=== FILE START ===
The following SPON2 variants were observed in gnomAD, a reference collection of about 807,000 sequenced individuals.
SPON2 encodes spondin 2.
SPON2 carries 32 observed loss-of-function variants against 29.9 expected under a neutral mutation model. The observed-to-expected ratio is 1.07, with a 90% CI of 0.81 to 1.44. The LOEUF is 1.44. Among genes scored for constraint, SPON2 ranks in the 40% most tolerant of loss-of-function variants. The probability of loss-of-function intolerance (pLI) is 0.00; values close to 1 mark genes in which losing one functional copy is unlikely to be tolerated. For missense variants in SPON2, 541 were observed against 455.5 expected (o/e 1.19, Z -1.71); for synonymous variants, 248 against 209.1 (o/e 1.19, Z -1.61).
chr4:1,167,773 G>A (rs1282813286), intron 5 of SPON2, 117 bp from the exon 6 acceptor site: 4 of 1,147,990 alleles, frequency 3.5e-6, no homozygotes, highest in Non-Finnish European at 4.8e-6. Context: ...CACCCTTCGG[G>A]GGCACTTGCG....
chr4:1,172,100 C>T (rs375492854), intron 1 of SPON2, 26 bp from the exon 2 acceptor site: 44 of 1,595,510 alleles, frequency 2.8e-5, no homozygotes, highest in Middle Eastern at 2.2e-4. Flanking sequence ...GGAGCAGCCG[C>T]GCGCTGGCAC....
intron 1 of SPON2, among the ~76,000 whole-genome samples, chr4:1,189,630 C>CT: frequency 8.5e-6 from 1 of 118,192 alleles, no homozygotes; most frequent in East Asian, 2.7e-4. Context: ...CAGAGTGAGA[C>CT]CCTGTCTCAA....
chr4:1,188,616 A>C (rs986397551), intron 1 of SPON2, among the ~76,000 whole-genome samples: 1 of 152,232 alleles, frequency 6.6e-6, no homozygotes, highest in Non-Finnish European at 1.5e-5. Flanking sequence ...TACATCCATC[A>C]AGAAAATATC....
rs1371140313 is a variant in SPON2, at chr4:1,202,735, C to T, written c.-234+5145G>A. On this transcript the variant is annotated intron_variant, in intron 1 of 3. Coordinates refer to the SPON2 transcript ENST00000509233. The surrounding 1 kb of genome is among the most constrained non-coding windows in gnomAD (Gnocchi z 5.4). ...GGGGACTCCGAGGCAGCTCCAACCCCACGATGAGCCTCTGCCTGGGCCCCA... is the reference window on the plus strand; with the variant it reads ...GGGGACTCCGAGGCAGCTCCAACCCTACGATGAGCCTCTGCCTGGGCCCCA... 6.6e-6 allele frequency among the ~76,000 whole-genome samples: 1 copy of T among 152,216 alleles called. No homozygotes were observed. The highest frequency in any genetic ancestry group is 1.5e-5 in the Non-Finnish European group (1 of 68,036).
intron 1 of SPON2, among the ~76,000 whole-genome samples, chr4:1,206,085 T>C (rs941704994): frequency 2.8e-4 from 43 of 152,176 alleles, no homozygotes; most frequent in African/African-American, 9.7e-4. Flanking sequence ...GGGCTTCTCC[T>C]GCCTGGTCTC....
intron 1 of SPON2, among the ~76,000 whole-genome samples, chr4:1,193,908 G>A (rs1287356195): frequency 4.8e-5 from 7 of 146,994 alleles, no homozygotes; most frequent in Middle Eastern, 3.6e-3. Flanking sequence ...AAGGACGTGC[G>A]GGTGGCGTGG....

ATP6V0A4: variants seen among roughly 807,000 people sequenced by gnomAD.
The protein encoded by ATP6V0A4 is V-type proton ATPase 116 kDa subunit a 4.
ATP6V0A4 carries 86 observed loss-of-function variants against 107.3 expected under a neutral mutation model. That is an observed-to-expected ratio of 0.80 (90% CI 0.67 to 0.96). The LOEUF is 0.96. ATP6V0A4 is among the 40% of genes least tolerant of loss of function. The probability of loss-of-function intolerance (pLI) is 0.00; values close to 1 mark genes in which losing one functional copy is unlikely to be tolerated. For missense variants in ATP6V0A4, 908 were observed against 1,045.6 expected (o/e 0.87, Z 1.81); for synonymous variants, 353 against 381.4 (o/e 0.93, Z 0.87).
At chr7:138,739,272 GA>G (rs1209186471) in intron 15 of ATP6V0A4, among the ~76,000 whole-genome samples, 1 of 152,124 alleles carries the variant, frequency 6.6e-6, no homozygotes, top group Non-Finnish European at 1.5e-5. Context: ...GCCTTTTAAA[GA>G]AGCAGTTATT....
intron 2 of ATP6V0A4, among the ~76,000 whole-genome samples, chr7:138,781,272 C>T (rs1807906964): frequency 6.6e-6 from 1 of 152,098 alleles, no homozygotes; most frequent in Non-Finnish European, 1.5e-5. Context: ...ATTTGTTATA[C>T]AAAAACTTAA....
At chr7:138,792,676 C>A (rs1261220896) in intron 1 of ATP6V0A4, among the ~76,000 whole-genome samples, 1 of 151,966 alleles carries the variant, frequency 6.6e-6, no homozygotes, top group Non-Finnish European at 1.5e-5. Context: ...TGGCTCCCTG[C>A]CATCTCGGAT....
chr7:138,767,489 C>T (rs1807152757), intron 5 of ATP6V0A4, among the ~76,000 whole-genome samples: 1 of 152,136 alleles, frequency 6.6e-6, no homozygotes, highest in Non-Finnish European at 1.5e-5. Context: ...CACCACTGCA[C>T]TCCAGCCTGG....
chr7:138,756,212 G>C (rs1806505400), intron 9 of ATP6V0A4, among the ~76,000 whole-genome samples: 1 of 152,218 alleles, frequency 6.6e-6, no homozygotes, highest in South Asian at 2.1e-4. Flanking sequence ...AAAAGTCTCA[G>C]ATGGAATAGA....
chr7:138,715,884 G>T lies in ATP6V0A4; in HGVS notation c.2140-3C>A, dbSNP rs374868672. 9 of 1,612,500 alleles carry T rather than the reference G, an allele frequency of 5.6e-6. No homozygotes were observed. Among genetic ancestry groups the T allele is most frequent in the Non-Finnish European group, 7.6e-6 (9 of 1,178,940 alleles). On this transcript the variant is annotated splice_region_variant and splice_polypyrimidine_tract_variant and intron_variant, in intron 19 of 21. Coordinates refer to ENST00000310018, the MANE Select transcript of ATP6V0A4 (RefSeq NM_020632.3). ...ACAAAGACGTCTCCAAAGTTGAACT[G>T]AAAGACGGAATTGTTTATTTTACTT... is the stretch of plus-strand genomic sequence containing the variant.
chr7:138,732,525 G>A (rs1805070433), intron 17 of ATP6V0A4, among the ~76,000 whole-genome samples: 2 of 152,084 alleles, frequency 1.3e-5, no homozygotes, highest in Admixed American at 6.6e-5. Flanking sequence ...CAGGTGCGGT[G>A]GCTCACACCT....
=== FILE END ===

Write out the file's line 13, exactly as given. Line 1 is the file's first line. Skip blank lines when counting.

ATP6V0A4 carries 86 observed loss-of-function variants against 107.3 expected under a neutral mutation model. That is an observed-to-expected ratio of 0.80 (90% CI 0.67 to 0.96). The LOEUF is 0.96. ATP6V0A4 is among the 40% of genes least tolerant of loss of function. The probability of loss-of-function intolerance (pLI) is 0.00; values close to 1 mark genes in which losing one functional copy is unlikely to be tolerated. For missense variants in ATP6V0A4, 908 were observed against 1,045.6 expected (o/e 0.87, Z 1.81); for synonymous variants, 353 against 381.4 (o/e 0.93, Z 0.87).